Birds of Nebraska: Newspaper Accounts, 1854-1923

Editor [possibly Miles Greenleaf]. October 24, 1920. Omaha Sunday World-Herald 56(4): 10-E. A bird editorial.

Studying October Birds.

Taken at its best, the study of birds is difficult. One may learn a great deal from books, and should endeavor to do so even while enjoying the hikes in the fields, but the fleeting glimpses of the feathered gentry that are secured through the glasses are often insufficient to provide a positive identification.

In the spring and summer, when the birds are in full plumage, the task is not so difficult, but in the fall and early winter, while the Sparrows and Warblers and other creatures of the air are passing on their migration to the south, the young birds and the birds wearing their winter plumage are vastly different from anything seen in other seasons. The amateur ornithologist, therefore, is up against a stiff proposition.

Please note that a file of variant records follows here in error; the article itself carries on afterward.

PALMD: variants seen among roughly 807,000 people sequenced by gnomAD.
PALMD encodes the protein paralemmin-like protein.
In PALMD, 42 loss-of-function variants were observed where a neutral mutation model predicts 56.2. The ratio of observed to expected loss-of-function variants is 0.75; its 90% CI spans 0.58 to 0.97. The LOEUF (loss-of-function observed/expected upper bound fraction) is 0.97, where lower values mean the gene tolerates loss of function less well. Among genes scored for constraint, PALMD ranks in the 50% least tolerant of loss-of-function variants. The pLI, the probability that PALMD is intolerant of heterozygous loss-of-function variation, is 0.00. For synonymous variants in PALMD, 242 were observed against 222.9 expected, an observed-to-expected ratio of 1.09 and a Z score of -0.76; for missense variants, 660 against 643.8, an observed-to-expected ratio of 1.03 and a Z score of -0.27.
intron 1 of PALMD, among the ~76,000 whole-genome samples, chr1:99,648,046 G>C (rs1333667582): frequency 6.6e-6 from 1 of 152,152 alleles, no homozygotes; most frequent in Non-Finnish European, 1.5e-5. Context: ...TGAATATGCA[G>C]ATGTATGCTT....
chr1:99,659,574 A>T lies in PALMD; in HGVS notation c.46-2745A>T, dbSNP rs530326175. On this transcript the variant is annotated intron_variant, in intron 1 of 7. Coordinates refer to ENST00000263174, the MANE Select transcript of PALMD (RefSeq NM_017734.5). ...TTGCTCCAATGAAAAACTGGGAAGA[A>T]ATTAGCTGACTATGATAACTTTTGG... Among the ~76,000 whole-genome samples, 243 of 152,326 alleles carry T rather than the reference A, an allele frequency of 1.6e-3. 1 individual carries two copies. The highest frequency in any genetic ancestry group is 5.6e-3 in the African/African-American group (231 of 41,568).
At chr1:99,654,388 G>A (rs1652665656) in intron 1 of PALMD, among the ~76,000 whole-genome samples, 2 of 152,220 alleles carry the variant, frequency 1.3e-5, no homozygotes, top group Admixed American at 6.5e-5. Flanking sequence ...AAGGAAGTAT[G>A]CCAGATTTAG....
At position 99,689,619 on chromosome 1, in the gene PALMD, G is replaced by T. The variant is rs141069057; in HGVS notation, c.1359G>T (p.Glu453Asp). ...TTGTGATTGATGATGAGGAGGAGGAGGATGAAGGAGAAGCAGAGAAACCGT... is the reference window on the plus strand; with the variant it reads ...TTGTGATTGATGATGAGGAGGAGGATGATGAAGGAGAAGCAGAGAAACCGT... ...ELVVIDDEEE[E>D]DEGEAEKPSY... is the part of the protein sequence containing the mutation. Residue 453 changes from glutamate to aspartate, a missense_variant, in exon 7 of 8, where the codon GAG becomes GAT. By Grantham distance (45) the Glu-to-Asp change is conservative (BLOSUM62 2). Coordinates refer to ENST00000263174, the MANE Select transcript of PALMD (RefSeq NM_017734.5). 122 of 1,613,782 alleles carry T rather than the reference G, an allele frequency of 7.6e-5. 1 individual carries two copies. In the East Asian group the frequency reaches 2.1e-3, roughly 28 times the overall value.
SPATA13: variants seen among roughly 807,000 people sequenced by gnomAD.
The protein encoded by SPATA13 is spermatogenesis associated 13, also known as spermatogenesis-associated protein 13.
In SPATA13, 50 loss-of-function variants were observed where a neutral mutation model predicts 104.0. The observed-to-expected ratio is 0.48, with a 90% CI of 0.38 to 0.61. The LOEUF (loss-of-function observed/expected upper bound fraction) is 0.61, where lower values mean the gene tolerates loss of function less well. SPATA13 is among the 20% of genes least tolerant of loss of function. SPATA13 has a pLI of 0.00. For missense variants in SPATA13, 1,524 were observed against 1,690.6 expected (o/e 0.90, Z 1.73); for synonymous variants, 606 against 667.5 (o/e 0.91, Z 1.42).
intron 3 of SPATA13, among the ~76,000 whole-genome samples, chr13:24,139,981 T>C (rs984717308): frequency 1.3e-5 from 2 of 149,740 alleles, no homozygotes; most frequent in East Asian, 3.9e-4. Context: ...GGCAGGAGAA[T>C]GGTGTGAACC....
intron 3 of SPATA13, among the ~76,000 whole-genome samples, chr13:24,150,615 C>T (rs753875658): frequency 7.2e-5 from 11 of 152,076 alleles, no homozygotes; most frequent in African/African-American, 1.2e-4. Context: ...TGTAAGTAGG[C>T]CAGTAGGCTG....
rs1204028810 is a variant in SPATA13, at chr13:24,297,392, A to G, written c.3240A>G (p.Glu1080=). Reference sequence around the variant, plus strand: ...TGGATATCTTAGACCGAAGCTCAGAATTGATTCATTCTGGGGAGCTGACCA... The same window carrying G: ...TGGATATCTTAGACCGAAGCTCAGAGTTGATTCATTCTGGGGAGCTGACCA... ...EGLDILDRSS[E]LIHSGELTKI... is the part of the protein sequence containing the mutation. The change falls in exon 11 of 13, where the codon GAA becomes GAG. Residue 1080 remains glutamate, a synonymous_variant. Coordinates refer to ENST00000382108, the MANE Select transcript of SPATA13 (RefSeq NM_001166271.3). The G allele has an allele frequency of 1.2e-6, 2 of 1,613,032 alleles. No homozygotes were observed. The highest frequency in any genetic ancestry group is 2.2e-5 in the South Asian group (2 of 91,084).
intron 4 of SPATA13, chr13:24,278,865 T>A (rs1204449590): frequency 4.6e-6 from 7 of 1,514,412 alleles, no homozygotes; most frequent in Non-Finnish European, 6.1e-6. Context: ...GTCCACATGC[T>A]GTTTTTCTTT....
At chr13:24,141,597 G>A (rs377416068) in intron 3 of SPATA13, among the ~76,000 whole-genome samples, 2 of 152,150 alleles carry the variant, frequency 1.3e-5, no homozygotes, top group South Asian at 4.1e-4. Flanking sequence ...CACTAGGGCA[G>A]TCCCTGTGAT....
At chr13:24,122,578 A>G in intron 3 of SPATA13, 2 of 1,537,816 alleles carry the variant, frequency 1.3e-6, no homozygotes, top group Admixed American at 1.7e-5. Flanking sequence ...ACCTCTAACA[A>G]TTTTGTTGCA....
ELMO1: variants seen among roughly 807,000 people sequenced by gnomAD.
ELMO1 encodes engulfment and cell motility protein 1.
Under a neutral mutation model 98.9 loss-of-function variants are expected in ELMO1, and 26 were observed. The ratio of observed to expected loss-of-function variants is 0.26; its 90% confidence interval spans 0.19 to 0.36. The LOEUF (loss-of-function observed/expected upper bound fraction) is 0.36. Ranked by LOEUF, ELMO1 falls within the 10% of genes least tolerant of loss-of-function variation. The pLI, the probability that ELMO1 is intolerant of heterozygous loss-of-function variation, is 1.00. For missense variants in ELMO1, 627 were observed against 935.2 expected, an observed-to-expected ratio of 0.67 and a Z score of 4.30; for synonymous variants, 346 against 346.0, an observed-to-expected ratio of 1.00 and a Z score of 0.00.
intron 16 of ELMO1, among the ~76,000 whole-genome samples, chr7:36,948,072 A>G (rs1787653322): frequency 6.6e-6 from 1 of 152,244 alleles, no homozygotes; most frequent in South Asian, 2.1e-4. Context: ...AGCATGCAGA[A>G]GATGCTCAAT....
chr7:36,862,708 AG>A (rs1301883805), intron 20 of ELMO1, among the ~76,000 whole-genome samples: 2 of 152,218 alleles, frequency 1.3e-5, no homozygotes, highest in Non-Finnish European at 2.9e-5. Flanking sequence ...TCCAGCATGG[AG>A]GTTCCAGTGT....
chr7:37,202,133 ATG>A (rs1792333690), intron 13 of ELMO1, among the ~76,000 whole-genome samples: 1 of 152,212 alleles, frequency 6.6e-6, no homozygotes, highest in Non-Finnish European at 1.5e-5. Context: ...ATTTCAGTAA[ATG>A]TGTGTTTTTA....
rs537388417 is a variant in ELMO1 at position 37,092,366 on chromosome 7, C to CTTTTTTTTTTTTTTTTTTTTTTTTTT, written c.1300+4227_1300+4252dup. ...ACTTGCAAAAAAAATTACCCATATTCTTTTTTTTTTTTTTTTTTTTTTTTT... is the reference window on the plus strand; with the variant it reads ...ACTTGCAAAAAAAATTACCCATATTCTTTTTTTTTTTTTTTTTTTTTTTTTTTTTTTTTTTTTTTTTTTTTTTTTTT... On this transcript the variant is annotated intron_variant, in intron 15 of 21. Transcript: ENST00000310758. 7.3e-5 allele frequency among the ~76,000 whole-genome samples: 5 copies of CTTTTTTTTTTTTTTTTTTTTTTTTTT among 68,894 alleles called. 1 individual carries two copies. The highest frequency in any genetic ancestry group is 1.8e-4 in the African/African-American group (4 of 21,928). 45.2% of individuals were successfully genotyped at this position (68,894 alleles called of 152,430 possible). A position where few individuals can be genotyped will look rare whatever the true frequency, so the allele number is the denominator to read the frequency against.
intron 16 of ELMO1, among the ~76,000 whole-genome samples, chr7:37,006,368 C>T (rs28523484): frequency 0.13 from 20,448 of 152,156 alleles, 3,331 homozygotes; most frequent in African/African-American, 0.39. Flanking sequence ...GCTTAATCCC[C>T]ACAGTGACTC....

The many different varieties of Sparrows, for instance, would bother any professor of the art under ordinary circumstances, but when at this time of year one falls in with swarms of young birds mingled with their parents, the task is almost impossible. Careful study of the songs and calls of the birds is about the only answer, without the taking of specimens per shotgun, which is unthinkable to the amateur.

Heavy underbrush and falling leaves makes the Indian summer bird study still more difficult.

In payment for this, nevertheless, Nature gives the bird-hiker the most wonderful of scenic art in the russet and multi-colored vistas that are unrolled in the big outdoors.

Study Nature and her mouthpiece, the Birds - while both are deep in their mysteries.